Wednesday, September 24, 2008

FBI investigation did not analyze anthrax from biodefense lab

USA Today: The FBI never examined anthrax samples from the 2001 contamination event at (Ivins') biodefense lab, which he allegedly covered up after the anthrax mailings. Yet these samples should have been the first to examine once Ivins was deemed a suspect.


Anonymous said...

"should have been the first to examine"

Perhaps, if one thinks this was an investigation into the truth rather than the building of a prosecution case. The two can be the same, but not necessarily. The FBI are lawyers, not spies. The FBI culture is to get convictions and call cases closed, not to root out the mole.

The Ivins Spilling Anthrax in the Lab story has a great incriminatory cachet, if unimpeached. But it is a house of cards if examined closely. Ivins working with anthrax in a lab! Well, so what? He spilled anthrax! Well, so what, doesn't everyone have accidents, and why wouldn't he be working with anthrax after the attacks were known? He did not report the spill to his superiors! Ooh, serious, but so what? It would have been stranger if he did report it. C'mon, ever have an accident at work? If you thought you could handle it yourself would you report it? Do you want the demerits? The snobbish sneer from your superior? The black mark on your record, the restrictions of rights?

The Spilled Anthrax story only has use for a prosecutor if not examined too closely. That is why the spilled anthrax was not tested. What good could have come of it? It would only heighten attention to an incriminatory story that is only effective if left as vague innuendo. And if they tested it and found it was not the same strain, it destroys the innuendo's cachet. For example, Ivins lawyer would say, "Aha, but it's not the same strain!" The only cogent response the Feds could give is "So what, it doesn't disprove that he made the attack anthrax months before." Which begs the obvious retort to the Feds, why did you think it was dispositive of anything in the first place?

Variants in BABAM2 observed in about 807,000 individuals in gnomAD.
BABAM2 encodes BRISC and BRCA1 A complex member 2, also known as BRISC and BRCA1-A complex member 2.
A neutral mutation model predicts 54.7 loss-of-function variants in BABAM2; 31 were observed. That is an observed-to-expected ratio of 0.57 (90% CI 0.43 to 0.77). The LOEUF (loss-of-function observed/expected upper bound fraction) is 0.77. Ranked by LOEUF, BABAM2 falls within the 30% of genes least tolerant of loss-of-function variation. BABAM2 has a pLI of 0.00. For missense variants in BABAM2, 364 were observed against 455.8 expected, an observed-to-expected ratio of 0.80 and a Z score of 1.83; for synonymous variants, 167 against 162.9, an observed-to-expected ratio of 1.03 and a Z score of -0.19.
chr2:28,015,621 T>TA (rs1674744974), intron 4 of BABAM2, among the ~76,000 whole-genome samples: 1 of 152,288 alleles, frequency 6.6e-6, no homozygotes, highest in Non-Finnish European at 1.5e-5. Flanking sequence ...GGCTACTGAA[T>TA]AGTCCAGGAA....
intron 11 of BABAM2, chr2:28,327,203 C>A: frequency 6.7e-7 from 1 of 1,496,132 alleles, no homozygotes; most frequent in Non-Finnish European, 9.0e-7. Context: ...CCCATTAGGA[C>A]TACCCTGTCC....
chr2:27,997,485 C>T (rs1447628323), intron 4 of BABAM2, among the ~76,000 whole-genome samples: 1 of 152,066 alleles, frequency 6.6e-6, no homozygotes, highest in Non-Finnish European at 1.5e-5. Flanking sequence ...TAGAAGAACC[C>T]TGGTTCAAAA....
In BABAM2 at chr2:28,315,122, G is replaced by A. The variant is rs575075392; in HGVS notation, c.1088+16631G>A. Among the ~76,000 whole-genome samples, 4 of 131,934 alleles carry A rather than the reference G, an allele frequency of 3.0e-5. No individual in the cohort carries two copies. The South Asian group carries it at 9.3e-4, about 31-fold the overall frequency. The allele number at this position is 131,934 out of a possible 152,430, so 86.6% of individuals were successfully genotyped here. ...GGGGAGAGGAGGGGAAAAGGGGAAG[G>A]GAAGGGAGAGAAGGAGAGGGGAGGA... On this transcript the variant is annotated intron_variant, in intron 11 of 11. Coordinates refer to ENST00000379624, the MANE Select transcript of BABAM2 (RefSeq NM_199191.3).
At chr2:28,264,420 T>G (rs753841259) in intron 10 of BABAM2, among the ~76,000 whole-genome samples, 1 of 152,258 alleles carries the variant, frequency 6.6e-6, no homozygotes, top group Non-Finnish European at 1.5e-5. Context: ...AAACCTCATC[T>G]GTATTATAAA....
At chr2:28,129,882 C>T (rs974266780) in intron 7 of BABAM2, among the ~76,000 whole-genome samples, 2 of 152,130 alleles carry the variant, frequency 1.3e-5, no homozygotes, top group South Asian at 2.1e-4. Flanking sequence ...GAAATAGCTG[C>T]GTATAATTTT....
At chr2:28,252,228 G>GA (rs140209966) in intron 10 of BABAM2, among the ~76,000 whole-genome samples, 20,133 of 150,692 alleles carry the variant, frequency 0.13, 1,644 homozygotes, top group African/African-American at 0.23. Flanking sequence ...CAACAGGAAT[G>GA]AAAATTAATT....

Testing the anthrax could only risk devaluing the incriminatory innuendo for prosecution purposes.

Elizabeth Ferrari/ San Francisco said...

There goes Keim's credibility:

"For Keim, the revelation in August that the FBI had shifted its focus to Ivins cast the omission in a new light. In 2002, he says, "I got the samples and thought, 'What a sloppy place.' But I'm starting to think Bruce was taking anthrax out of his lab and then covering his tracks."'

Right, Paul. I'm starting to think you're not the objective good guy you play in the media.

Elizabeth Ferrari/ San Francisco said...

Anon: He did report it to Arthur Anderson who was the Ethics guy. It was in the Wall Street Journal:

Their first card isn't even well placed.

Anonymous said...

I spilled some paper clips at work once, but I wasn't sneaking them out of the building.

And didn't he report the spill after he returned to work with the spill washed out of his clothes?

Ivins' remark on the report seems to indicate that he didn't cause a spill; he was contaminated by someone else's spill that he was cleaning up.